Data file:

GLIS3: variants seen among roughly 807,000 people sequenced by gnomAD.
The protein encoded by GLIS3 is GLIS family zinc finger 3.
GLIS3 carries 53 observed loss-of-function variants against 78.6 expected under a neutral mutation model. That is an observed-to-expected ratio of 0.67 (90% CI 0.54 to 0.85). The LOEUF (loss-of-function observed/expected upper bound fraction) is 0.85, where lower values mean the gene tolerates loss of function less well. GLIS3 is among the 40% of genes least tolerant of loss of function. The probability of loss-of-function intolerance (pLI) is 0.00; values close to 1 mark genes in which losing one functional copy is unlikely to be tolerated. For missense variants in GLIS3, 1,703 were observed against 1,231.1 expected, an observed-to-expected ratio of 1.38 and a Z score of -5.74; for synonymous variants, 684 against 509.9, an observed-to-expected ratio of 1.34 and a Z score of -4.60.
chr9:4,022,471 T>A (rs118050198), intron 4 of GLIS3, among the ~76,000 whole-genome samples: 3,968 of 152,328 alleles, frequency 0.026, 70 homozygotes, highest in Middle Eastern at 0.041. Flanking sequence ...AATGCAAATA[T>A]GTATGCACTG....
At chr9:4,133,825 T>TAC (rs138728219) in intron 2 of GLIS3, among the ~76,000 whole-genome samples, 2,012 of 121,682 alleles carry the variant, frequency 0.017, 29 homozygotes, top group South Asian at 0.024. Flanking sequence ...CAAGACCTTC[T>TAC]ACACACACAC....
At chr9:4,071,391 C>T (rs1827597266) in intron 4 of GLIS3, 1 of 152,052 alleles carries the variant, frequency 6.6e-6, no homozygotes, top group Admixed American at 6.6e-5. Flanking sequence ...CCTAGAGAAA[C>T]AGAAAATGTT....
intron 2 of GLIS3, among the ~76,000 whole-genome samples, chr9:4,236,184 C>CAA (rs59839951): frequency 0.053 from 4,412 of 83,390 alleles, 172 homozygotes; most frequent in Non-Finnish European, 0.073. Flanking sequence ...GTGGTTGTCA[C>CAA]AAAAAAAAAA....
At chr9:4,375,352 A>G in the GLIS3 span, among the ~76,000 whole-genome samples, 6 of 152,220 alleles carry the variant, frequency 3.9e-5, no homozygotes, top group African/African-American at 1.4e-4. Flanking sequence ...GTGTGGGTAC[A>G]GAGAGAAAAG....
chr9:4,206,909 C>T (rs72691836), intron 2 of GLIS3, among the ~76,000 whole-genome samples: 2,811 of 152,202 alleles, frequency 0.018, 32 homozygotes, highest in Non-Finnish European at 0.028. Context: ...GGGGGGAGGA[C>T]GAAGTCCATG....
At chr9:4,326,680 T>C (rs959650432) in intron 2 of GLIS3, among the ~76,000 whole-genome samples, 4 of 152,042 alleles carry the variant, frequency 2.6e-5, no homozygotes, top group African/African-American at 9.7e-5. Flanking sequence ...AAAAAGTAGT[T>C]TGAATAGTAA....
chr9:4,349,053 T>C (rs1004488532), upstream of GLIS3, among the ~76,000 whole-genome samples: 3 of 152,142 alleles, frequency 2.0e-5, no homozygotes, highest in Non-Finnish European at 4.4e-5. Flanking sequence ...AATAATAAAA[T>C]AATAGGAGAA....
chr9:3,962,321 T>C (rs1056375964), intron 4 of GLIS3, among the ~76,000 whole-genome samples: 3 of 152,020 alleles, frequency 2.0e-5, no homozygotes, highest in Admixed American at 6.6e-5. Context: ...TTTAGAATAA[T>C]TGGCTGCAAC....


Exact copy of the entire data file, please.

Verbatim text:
GLIS3: variants seen among roughly 807,000 people sequenced by gnomAD.
The protein encoded by GLIS3 is GLIS family zinc finger 3.
GLIS3 carries 53 observed loss-of-function variants against 78.6 expected under a neutral mutation model. That is an observed-to-expected ratio of 0.67 (90% CI 0.54 to 0.85). The LOEUF (loss-of-function observed/expected upper bound fraction) is 0.85, where lower values mean the gene tolerates loss of function less well. GLIS3 is among the 40% of genes least tolerant of loss of function. The probability of loss-of-function intolerance (pLI) is 0.00; values close to 1 mark genes in which losing one functional copy is unlikely to be tolerated. For missense variants in GLIS3, 1,703 were observed against 1,231.1 expected, an observed-to-expected ratio of 1.38 and a Z score of -5.74; for synonymous variants, 684 against 509.9, an observed-to-expected ratio of 1.34 and a Z score of -4.60.
chr9:4,022,471 T>A (rs118050198), intron 4 of GLIS3, among the ~76,000 whole-genome samples: 3,968 of 152,328 alleles, frequency 0.026, 70 homozygotes, highest in Middle Eastern at 0.041. Flanking sequence ...AATGCAAATA[T>A]GTATGCACTG....
At chr9:4,133,825 T>TAC (rs138728219) in intron 2 of GLIS3, among the ~76,000 whole-genome samples, 2,012 of 121,682 alleles carry the variant, frequency 0.017, 29 homozygotes, top group South Asian at 0.024. Flanking sequence ...CAAGACCTTC[T>TAC]ACACACACAC....
At chr9:4,071,391 C>T (rs1827597266) in intron 4 of GLIS3, 1 of 152,052 alleles carries the variant, frequency 6.6e-6, no homozygotes, top group Admixed American at 6.6e-5. Flanking sequence ...CCTAGAGAAA[C>T]AGAAAATGTT....
intron 2 of GLIS3, among the ~76,000 whole-genome samples, chr9:4,236,184 C>CAA (rs59839951): frequency 0.053 from 4,412 of 83,390 alleles, 172 homozygotes; most frequent in Non-Finnish European, 0.073. Flanking sequence ...GTGGTTGTCA[C>CAA]AAAAAAAAAA....
At chr9:4,375,352 A>G in the GLIS3 span, among the ~76,000 whole-genome samples, 6 of 152,220 alleles carry the variant, frequency 3.9e-5, no homozygotes, top group African/African-American at 1.4e-4. Flanking sequence ...GTGTGGGTAC[A>G]GAGAGAAAAG....
chr9:4,206,909 C>T (rs72691836), intron 2 of GLIS3, among the ~76,000 whole-genome samples: 2,811 of 152,202 alleles, frequency 0.018, 32 homozygotes, highest in Non-Finnish European at 0.028. Context: ...GGGGGGAGGA[C>T]GAAGTCCATG....
At chr9:4,326,680 T>C (rs959650432) in intron 2 of GLIS3, among the ~76,000 whole-genome samples, 4 of 152,042 alleles carry the variant, frequency 2.6e-5, no homozygotes, top group African/African-American at 9.7e-5. Flanking sequence ...AAAAAGTAGT[T>C]TGAATAGTAA....
chr9:4,349,053 T>C (rs1004488532), upstream of GLIS3, among the ~76,000 whole-genome samples: 3 of 152,142 alleles, frequency 2.0e-5, no homozygotes, highest in Non-Finnish European at 4.4e-5. Flanking sequence ...AATAATAAAA[T>C]AATAGGAGAA....
chr9:3,962,321 T>C (rs1056375964), intron 4 of GLIS3, among the ~76,000 whole-genome samples: 3 of 152,020 alleles, frequency 2.0e-5, no homozygotes, highest in Admixed American at 6.6e-5. Context: ...TTTAGAATAA[T>C]TGGCTGCAAC....